Cool weather late affects early planting decisions, crop acreages
By J. Tyron Spearman
The U.S. peanut industry seems to be in a state of flux, waiting for markets to signal the next move. Farmers are poised to plant another peanut crop after Old Man Winter delivered water and filled reserves for a change, especially in the Southeast and Virginia-Carolina states. The Southwest continues to suffer, but some rain has come to the region. There are so many “issues” involving the market that a farmer has trouble getting his head around them all.
USDA predicted acres to be down 27 percent over last year to 1,190,000 acres. Peanut specialists estimated a 31.4 percent decline in acres planted to peanuts. The big question is will the new varieties “do it again” and load the wagons with a bumper crop. The five-year average yield is 3,253 pounds per acre, but 2012 average yield was 4,192 pounds per acre. That is a significant difference. The issue remains how many acres to plant and what to expect in yield.
The Export Factor
The chatter on peanut exports has fueled the rumor mill. It is true that when U.S. peanut prices dropped to the mid- 40-cent-per-pound range, Chinese buyers discovered they could buy peanuts cheaper from the U.S. and use Chinese peanuts for export or other products. The Chinese grow four times the United States’ production. Then, Chinese Customs discovered rules were being violated on re-importing blanched peanuts and trans-shipments through Vietnam, and the curtain dropped.
The question is, “Will the Chinese return to the United States for peanuts priced at above 50 cents per pound?”
The Chinese factor buoyed the peanut market as shelled peanut prices increased from mid-40s to low 50s. Farmers theorized that the Chinese might help reduce peanuts in storage and open the door for better prices for next season. The surge likely helped the sheller more than the farmer, as continuous rock-bottom prices could have spelled disaster.
Will the Chinese be back? That depends on the price and if the trade issues get resolved. The Chinese already rule the cotton market, but farmers can hedge those prices. There is no futures market for hedging peanuts.
Peanut farmers were poised to deal. In January, corn was $7 per bushel, cotton was 80 cents per pound and soybeans were $16 per bushel. Peanut farmers reasoned that peanuts had to be competitive to prevent them from switching to an alternate, more profitable crop. By April, corn had dropped to $6.50 per bushel, soybeans had dropped to $13 per bushel and cotton had inched up to 85 cents per pound.
Late winter changed the dynamics in the Southeast as irrigated corn land will now be switched to later-planted crops such as peanuts, cotton or grain sorghum, even watermelons.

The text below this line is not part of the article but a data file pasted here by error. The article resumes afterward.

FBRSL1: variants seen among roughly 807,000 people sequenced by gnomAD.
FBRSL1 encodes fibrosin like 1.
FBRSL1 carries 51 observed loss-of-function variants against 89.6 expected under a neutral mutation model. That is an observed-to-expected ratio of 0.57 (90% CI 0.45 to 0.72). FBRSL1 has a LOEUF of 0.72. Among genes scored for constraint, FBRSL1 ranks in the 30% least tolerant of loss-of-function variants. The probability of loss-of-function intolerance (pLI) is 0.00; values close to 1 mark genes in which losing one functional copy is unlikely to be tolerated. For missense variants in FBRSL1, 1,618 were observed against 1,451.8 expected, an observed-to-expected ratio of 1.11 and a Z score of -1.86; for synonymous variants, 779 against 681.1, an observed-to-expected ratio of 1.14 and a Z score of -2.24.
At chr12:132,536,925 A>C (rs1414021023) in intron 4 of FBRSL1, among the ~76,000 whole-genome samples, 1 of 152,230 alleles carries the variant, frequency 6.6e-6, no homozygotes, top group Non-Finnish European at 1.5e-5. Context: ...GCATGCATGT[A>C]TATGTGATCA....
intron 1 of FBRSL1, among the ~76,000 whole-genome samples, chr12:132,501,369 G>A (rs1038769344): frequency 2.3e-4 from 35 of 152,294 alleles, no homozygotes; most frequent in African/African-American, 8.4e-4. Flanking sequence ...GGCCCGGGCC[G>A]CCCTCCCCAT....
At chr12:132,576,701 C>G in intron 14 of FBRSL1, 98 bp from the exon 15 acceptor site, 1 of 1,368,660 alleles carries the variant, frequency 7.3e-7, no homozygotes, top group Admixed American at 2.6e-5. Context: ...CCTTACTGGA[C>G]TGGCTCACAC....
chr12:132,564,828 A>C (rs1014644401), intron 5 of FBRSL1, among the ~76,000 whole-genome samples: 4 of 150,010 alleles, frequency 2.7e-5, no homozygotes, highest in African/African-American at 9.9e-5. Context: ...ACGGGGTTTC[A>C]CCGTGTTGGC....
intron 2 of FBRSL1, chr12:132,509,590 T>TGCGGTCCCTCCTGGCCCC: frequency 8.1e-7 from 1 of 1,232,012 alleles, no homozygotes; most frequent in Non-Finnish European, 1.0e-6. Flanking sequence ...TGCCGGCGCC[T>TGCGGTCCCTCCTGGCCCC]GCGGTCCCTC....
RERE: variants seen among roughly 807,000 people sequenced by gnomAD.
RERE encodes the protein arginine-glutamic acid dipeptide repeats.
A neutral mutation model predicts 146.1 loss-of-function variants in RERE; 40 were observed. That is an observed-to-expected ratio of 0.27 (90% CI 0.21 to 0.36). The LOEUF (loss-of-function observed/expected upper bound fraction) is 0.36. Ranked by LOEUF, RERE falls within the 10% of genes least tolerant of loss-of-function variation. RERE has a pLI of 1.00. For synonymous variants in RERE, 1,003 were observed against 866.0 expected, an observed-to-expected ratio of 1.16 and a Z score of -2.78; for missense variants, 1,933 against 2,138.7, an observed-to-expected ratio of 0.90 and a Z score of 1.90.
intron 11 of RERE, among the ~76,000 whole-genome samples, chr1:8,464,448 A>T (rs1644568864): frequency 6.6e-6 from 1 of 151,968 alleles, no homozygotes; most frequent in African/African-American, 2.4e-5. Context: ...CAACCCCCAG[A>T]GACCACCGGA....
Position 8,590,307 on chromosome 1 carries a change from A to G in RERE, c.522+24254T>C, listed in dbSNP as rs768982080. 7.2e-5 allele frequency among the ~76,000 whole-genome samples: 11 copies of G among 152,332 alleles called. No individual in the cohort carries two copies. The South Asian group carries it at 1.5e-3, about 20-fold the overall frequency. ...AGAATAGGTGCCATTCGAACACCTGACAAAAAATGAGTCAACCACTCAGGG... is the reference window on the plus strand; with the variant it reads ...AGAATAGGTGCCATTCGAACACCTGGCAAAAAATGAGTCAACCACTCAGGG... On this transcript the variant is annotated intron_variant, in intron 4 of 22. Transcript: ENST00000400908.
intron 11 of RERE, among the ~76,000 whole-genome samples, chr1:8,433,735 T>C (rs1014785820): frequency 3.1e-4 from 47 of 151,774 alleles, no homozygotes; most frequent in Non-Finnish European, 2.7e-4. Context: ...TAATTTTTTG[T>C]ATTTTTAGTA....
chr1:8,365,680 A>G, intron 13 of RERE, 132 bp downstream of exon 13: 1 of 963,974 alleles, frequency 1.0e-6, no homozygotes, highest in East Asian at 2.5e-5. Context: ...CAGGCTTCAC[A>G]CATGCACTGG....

Peanut contracts were disappointing as well with only $450 per ton offered for runners, $550 per ton for Virginias. Some premiums were offered in regions for high oleic peanuts and premium varieties of Valencia and Spanish.
Now the issue is, “What crop will give me a profit?” All the farmer has to do is change the seed plates in the planter and call the seed truck for delivery. The boom and bust peanut market is not a favorite of farmers, but it could be the new normal. Some long for the stability of the old quota system.
It’s show time now and decisions have to be made. Farmers have to secure financing and lenders are more cautious than ever before. If it doesn’t cash flow, no money approved.
The domestic peanut market has been slow to recover to the plus side. USDA says usage is down five percent over last year, but they expect the industry to be on the positive side by three percent by August. Candy usage was positive last month, but remains down 11 percent; snacks are down six percent and peanut butter is down 2.6 percent.
Shelf prices have moved very little after the 30 percent increase of last year. Growers are investing in a promotion and marketing program being developed with key manufacturers, anticipating a major launch of the marketing program by the end of the year.
Exports are exciting again, up almost 60 percent, and USDA expects total peanut exports to be over 600,000 metric tons. Argentina has suffered from a major drought, and with the lower prices of top quality peanuts from the United States, U.S. farmers should regain a major portion of the European market. Economies need to improve in all foreign markets for peanuts and peanut butter to be on the menu.
Then There’s The Farm Bill
Farmers are just like many consumers who will hold onto surplus money during trying times until a clearer, more trustworthy picture of the future develops. Don’t expect investment on the farm until Congress moves on a five-year Farm Bill that will offer direction and some stability. They keep talking a good game, but farmers are not optimistic that the Farm Bill will be very helpful.
Market loan prices are below the cost of production and target prices are low enough that assistance is not likely. It is hard to reason that leaders want farm production to double by 2050, yet cut support of the Farm Bill and farmers by billions, especially agricultural research.
With all these issues, most of them unknowns, this will be a truly interesting year.
Leading Market Indicators (April 11, 2013)
• 2012 Acreage (est.) – up 44%, 1,608,000 acres
• 2012 Production (est.) – up 84%, 3,370,700 tons
• 2012 Average Yield – up 806 lbs/A, 4,192 lb/A
• 2013 Acreage (est.) – dn 27%, 1,191,000 acres
• 2012 Market Loan (4-11-13) – 2,639,759 tons
• 2012 Market Loan Redemptions (4-11-13) – 995,113 tons
• 2012-13 Usage (7 mo.) – dn 5.0%
• 2012-13 Exports (6 mo.) – up 50%
• National Posted Price (per ton): Runners $424.65, Spanish $408.91,